Mexican space module is tested in NASA mission

Mexican space module is tested in NASA mission

PUEBLA - The Ministry of Infrastructure, Communications and Transport (SICT) informed through the Mexican Space Agency (AEM) that the Mexican Experimental Space Module "EMIDSS-4", developed by the National Polytechnic Institute (IPN), successfully passed the tests in NASA's "FY23-FTS" mission.

This announcement took place during the First Mexican Aerospace Forum, an event held at the University of Puebla UPAEP. The forum was attended by leading NASA scientists Aaron Paz and Ryan Ziegler.

Salvador Landeros Ayala, Director General of the AEM, highlighted the success of this Mexican technology test mission, stating that the instruments demonstrated a performance comparable to that of similar NASA developments, which significantly raises the position of our country in this field.

It is worth mentioning that the launch of the experimental module was carried out from the NASA-Fort Sumner base, located in New Mexico, United States. The IPN received an invitation from NASA after passing a rigorous technical evaluation process.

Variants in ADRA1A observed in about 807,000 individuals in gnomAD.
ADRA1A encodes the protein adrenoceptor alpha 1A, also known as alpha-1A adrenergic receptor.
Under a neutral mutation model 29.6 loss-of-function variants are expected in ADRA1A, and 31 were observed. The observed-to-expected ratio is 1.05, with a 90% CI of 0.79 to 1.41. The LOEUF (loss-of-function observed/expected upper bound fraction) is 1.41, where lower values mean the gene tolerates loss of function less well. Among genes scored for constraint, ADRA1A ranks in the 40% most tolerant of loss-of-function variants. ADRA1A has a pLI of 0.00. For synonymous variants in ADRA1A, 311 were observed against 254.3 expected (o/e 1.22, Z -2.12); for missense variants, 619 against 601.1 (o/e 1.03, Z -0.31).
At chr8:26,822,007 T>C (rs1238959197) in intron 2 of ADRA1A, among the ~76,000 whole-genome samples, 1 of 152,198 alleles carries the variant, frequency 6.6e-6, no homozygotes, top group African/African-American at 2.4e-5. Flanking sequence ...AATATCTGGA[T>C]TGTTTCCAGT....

The project leader and researcher at the IPN Aerospace Development Center, Mario Alberto Mendoza Bárcenas, expressed his satisfaction for this achievement, highlighting that it opens new opportunities for collaboration with the AEM and other academic institutions such as the Institute of Applied Sciences and Technology of the National Autonomous University of Mexico (UNAM), as well as the Instituto Tecnológico y de Estudios Superiores de Occidente (ITESO).

The positive results acquired will strengthen the design of the instrumentation for the "TEPEU-1" space mission, whose scientific focus is on the study of the Earth's ionosphere in its orbital model. In addition, projects such as "ITESAT-1", currently in the design phase at ITESO, and the creation of a "CubeSat" satellite model with solar panels, which will be manufactured using 3D printing technology, will be promoted.

This success will also result in the development of two in-house designed computers for aerospace vehicles, based on commercial grade microcontrollers. These computers can be used in scientific exploration and technology demonstration satellites.